A distinct timber-clad lookout and a newly expanded cellar door create a unique tourism experience on Tasmania’s eastern coast.
Situated along the Tasman Highway, stretching out over eucalypts and with views across the Freycinet Peninsula and Moulting Lagoon, lies one of Tasmania’s largest wineries, Devil’s Corner.
Our original collaboration with Brown Brothers in 2015 resulted in a highly successful tourism destination — a discrete cellar door, a food market, and unique lookout — that echoes the region’s traditional rural settlements.
Designed to complement the existing buildings, the new additions were completed in late 2021 and accommodate the winery’s growing number of visitors with an all-weather courtyard, an immersive tasting area, expanded local produce kitchens, and a sunken cellar, Devil’s Corner’s new home of wine and food masterclasses, private functions, and exclusive events.
Strong, settled geometry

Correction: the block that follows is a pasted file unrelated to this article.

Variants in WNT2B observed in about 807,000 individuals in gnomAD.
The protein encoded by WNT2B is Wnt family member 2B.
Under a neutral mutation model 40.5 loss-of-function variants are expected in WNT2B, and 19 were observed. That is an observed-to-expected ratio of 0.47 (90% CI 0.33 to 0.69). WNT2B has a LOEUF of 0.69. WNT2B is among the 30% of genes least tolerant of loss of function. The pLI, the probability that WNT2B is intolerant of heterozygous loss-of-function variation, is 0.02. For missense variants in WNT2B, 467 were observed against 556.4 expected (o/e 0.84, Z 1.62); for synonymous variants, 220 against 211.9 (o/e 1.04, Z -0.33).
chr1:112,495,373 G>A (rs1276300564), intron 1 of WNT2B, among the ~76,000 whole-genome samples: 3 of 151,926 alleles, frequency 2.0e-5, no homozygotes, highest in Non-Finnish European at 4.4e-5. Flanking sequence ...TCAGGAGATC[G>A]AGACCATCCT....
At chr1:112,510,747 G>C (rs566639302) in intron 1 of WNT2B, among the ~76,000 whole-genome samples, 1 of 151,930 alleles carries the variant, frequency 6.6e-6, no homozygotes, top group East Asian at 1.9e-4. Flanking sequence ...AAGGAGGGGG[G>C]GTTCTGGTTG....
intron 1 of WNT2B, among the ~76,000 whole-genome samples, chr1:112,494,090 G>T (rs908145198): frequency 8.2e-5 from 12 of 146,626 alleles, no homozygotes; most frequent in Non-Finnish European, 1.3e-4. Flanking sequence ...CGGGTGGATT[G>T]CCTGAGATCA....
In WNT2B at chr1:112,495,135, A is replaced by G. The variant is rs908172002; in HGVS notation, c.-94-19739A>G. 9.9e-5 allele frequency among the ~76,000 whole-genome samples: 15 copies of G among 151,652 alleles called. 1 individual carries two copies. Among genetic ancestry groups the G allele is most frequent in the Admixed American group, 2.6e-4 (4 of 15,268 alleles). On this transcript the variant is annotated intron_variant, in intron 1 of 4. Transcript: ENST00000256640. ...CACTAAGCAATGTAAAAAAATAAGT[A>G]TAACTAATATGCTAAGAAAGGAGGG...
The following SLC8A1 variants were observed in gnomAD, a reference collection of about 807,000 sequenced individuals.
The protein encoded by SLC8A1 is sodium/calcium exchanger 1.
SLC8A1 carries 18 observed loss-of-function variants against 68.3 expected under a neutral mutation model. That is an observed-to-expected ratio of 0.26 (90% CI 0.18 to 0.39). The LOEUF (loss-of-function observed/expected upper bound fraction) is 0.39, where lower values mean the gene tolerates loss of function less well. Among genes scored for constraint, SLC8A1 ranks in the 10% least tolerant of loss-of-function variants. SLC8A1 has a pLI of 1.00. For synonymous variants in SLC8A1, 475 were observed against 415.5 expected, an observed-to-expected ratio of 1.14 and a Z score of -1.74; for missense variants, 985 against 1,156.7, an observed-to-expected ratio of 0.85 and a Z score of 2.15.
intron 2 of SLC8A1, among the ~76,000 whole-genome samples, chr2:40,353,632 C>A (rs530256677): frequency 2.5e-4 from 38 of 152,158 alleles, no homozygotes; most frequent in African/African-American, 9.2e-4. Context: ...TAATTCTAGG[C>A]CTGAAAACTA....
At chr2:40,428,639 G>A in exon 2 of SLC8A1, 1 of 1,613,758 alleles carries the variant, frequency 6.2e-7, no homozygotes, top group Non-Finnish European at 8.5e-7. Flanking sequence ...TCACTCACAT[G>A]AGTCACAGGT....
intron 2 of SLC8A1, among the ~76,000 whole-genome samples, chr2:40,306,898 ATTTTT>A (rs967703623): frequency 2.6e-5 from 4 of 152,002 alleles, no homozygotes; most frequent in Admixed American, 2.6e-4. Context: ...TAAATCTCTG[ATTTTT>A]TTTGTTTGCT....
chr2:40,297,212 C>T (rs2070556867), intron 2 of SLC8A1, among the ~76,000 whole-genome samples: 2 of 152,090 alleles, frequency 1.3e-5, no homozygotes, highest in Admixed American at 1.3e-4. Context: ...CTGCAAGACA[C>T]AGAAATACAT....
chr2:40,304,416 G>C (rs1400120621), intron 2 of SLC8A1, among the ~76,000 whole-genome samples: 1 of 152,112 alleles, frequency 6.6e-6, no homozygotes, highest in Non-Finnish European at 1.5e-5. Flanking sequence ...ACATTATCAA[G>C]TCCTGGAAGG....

As with the first iteration of Devil’s Corner’s design, the additions retain the original intent of a village, a cluster of distinct spaces that complement the tones and narrative of the striking landscape.
The courtyard’s open-air feel is complemented by its transparent roof and walls, which blur the boundaries between the outdoor and indoor spaces.
The walls can slide open to connect visitors to the environment and views or remain closed to provide shelter and warmth from the region’s unpredictable weather.
The weathered Tasmanian Oak exterior and Tasmanian Yellow Gum decking are contrasted by the interior’s warm Tasmanian Oak finishes.
Views over the Hazards
The lookout has been designed to reflect the wine tasting process, showcasing the subtle ways in which the landscape can be appreciated through three unique viewing spaces: the Sky, the Horizon; and the Tower, offering expansive perspectives across each compass point and the Hazard Mountains beyond.
Considered design for future growth
To fit a limited budget, our approach centred on creating a tourism experience that, through strong geometric elements, was simple, visually enticing, and flexible for future growth — allowing the cellar door to adapt and repurpose rather than demolish.
We are pleased that these distinct designs add to the region’s narrative and are happy that our initial exploration of the project’s possibilities resulted in the addition of the now iconic Devil’s Corner lookout..